Painless Debian

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Revision as of 09:25, 24 November 2010 by Mijzelf (Talk | contribs)

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Running Debian on the EdMini is a painful operation. A recent Debian version cannot run on the stock kernel, because it's too old. Fortunately a more recent kernel is available (thanks, rosbif), but unfortunately you cannot just put this kernel on the box, due to a wrong machtype. So you'll have to flash the bootloader, or patch the kernel. Then you're bound to use sda6 for kernel image and sda7 for rootfs, or you'll have to flash the bootloader, and ...


There is another way, using reloaded.ko, a kernel module developed for the D-Link DNS-323, but what I ported to the EdMini v2 (sources). Using this module it's possible to reboot the box using a different kernel, initramfs, commandline and/or machtype.

How to use it

Download lenny.tgz here, and extract it to a ext2/3 or xfs formatted USB stick. It contains a Lenny rootfs, a 2.6.36 kernel and modules, and 2 tastes of reloaded.ko. Plug the stick in the NAS, and then you can start Lenny:

cd /home/usbdisksdb1/boot
./ /dev/sdb1

(When your stick is mounted somewhere else, or has another devicename, change the commands accordingly)
The box will reboot immediately, so make sure you wasn't doing anything else.

  • After reboot the box will request an IP address by DHCP.
  • A lightweight ssh server will be running (dropbear)
  • There are two users, user with password user, and root with password root.


When you want Lenny automatically to start on boot, you can extract reload.tgz to the root of the firmware filesystem. It contains 2 files, a script /etc/init.d/, which will try to mount all partitions, and look if there is a /boot/ inside, in which case it will be called. The other file is a symlink in rc.3, which calls the script. Now on boot Debian will be started automatically, and you can boot the firmware again by removing the stick. If you don't have shell access you can get it by installing a ssh daemon, or you can use the instructions on that page to get reload.tgz on your box.

Size of the stick

The stick has to be at least 256MB. The provided rootfs uses 206MB. With nfs-kernel-server, samba, mc and ntp installed about 400MB is in use.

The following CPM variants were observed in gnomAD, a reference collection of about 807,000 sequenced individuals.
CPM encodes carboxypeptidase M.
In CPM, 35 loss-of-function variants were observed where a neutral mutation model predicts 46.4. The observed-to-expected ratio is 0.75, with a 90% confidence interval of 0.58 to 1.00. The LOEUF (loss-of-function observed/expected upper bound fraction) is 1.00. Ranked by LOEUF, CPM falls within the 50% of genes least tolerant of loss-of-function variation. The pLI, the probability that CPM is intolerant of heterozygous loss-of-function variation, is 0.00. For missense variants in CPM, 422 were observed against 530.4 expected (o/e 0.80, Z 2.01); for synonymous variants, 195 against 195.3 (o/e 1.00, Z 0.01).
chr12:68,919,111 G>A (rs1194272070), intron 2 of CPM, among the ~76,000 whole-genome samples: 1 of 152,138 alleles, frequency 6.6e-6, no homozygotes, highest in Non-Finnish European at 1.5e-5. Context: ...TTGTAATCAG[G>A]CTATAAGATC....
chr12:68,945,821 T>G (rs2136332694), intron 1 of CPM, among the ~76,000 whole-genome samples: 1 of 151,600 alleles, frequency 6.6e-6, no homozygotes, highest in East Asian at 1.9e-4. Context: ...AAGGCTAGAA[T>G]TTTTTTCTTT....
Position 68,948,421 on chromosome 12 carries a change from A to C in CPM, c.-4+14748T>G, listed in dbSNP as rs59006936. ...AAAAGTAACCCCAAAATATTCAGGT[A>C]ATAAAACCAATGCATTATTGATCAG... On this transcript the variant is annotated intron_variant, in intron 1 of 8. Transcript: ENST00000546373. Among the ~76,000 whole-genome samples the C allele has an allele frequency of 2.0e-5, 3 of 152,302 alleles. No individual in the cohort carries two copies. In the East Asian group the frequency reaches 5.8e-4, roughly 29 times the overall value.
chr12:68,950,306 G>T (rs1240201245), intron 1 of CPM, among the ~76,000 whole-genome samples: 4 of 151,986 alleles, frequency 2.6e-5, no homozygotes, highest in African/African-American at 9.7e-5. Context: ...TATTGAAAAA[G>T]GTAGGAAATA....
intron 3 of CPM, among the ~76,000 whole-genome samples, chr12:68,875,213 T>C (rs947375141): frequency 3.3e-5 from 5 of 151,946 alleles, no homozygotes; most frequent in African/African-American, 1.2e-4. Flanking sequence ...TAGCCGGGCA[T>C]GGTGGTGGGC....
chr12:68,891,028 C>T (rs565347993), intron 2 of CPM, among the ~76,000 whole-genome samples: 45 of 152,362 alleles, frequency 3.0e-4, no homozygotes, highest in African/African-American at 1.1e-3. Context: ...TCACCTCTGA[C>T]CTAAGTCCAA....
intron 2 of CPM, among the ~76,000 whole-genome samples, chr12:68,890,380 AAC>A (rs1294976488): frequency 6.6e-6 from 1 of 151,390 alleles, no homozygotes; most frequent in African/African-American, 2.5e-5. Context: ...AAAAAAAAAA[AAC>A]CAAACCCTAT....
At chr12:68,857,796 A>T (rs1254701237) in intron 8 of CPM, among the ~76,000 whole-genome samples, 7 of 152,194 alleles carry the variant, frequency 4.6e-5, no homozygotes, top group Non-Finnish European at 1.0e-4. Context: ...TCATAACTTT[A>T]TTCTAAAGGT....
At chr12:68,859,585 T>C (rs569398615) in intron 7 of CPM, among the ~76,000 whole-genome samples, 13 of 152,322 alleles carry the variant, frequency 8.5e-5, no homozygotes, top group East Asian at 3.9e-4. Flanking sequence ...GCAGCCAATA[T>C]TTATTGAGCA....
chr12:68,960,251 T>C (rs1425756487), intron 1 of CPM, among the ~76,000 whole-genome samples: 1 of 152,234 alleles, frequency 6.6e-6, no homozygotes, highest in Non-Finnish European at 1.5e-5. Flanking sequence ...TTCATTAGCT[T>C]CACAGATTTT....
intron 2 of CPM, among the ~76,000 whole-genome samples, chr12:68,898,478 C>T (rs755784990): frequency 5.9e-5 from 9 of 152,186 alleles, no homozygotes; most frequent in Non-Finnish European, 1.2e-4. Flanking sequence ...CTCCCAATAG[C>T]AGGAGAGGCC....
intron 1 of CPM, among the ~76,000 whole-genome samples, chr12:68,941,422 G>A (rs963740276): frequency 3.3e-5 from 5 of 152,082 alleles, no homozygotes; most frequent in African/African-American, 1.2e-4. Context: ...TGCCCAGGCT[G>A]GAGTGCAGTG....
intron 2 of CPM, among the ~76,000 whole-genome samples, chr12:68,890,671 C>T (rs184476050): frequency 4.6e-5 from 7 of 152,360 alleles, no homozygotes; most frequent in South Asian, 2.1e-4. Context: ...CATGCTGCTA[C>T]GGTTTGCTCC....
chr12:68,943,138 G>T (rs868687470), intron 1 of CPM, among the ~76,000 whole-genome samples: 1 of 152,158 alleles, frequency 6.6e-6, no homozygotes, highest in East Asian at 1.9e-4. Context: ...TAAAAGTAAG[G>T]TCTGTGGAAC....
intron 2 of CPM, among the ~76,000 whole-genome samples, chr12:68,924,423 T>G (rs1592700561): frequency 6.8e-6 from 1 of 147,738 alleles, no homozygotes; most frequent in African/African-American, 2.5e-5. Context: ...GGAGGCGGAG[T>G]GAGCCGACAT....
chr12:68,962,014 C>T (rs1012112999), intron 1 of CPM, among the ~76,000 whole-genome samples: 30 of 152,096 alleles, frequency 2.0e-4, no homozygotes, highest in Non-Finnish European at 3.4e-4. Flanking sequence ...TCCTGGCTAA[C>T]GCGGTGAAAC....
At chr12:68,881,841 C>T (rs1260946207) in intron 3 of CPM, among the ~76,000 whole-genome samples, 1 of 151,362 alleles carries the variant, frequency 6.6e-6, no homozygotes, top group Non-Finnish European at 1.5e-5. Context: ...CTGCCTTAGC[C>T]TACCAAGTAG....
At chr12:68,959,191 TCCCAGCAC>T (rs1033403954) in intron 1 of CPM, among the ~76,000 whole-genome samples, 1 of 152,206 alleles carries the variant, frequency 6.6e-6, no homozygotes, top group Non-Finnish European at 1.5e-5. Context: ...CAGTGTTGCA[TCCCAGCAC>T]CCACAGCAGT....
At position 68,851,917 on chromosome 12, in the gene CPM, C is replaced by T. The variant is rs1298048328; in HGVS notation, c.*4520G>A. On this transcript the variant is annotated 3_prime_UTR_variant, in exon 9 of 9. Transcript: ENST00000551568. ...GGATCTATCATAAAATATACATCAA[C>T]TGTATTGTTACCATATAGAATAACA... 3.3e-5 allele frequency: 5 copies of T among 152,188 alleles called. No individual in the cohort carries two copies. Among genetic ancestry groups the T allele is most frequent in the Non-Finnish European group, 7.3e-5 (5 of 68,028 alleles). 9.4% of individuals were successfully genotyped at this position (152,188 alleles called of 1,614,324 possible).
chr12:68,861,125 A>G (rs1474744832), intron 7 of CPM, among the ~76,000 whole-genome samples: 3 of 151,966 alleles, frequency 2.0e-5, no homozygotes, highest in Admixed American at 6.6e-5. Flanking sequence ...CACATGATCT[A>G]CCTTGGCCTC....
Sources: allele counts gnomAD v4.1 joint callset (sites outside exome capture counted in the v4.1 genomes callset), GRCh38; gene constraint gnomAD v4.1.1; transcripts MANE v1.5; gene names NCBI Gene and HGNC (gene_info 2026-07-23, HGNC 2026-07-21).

Debian on harddisk

You can also extract lenny.tgz to /home (which is /dev/sda2), and boot Lenny from harddisk. The startscript in reload.tgz will also work in that case. But of course you can't just pull the disk to get the firmware back.

Known issues

  • AFAICS the fan control doesn't work. But the fan runs, so no fear for overheating.
  • The box doesn't poweroff. (More in this thread). As work around you can use /sbin/ This will set a flag, reboot the box, and if the flag is detected /boot/ will execute halt on the stock kernel.
  • The power button doesn't work. I suppose some helper script is needed to get that running.

Building the rootfs

The rootfs in lenny.tgz was build from a already running Debian using these commands:

apt-get install cdebootstrap
mkdir new_lenny
cdebootstrap lenny new_lenny

mount proc new_lenny/proc -t proc
mount --bind /var new_lenny/var

chroot new_lenny /bin/sh
adduser user --home=/
apt-get purge dropbear
apt-get install dropbear

umount new_lenny/proc
umount new_lenny/var

cp /etc/fstab new_lenny/etc/
cp /etc/inittab new_lenny/etc/
cp /etc/network/interfaces new_lenny/network/

edit new_lenny/etc/init.d/dropbear to generate keys
rm new_lenny/etc/dropbear/dropbear*

cp /boot/* new_lenny/boot/
cp -R /lib/modules/* new_lenny/lib/modules/
mkdir new_lenny/lib/firmware
cp -R /lib/firmware/* new_lenny/lib/firmware/
cp /sbin/ new_lenny/sbin/
cp /usr/bin/ssh new_lenny/usr/bin/

chroot new_lenny /bin/sh
tar -czf lenny.tgz *


As far as I know this hack is harmless for your hardware and data. But I do not take any responsibility for damage caused by this software. Use at own risk